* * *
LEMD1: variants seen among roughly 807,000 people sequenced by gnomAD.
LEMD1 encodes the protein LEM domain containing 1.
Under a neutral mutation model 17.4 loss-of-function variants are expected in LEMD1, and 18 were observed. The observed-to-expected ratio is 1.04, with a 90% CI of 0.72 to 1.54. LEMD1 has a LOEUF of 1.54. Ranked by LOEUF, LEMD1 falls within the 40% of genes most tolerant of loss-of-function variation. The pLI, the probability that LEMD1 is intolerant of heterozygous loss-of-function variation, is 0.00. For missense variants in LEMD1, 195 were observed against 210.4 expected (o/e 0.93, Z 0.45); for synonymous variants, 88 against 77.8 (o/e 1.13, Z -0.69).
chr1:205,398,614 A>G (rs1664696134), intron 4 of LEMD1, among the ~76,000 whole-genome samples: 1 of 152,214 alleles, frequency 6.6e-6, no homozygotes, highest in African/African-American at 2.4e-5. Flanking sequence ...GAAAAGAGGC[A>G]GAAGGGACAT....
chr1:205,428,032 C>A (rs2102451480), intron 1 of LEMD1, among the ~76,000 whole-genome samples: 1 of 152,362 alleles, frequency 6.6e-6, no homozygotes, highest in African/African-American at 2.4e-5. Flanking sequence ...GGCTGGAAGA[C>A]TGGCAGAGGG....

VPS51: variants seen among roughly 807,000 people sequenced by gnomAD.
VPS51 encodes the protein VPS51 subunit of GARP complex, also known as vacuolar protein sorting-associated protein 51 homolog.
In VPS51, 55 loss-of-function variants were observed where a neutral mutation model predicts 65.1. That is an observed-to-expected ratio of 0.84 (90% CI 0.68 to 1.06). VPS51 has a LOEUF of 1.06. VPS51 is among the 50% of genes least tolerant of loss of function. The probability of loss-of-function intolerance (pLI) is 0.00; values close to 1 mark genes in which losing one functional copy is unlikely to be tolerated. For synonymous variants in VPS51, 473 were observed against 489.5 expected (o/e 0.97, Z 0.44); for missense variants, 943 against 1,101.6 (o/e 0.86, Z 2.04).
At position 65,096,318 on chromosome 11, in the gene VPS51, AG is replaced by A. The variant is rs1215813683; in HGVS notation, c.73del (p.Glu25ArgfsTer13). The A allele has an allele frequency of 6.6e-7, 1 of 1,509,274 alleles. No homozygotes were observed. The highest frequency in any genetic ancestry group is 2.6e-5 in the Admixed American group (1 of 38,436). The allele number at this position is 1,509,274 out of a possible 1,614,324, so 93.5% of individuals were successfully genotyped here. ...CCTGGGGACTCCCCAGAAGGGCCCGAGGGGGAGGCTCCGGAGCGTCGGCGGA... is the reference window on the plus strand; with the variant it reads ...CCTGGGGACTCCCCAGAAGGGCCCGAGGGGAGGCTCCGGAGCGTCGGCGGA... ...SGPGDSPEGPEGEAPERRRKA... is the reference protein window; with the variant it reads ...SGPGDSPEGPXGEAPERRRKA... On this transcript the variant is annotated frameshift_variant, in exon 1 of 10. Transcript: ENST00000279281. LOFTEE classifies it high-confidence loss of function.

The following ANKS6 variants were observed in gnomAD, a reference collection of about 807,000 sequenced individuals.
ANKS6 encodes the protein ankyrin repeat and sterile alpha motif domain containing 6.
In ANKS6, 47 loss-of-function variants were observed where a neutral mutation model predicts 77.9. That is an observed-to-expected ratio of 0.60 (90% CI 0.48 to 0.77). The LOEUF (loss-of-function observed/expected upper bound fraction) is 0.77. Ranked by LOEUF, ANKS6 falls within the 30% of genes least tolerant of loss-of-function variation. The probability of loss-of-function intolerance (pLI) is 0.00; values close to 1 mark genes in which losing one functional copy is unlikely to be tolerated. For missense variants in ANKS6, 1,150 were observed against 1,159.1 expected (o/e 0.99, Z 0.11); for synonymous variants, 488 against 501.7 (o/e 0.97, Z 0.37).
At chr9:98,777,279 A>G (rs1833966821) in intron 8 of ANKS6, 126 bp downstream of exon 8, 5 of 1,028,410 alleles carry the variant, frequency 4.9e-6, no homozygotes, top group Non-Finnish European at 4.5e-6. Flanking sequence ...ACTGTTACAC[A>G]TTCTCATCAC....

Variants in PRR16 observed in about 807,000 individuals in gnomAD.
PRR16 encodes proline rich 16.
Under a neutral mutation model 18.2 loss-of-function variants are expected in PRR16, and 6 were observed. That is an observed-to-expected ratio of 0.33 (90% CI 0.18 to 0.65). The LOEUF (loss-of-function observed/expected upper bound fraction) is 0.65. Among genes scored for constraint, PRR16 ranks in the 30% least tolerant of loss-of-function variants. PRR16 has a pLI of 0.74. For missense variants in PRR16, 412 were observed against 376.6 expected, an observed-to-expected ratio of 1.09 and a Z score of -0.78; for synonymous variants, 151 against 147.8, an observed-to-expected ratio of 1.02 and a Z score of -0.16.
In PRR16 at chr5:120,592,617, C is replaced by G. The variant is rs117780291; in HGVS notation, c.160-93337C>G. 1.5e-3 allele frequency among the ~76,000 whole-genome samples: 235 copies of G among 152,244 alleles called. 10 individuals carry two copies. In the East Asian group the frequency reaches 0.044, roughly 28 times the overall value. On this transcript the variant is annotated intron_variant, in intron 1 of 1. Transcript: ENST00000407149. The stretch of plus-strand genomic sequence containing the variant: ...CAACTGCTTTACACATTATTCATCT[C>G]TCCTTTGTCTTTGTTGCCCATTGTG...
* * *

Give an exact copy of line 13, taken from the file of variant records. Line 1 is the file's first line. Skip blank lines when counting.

At chr9:98,777,279 A>G (rs1833966821) in intron 8 of ANKS6, 126 bp downstream of exon 8, 5 of 1,028,410 alleles carry the variant, frequency 4.9e-6, no homozygotes, top group Non-Finnish European at 4.5e-6. Flanking sequence ...ACTGTTACAC[A>G]TTCTCATCAC....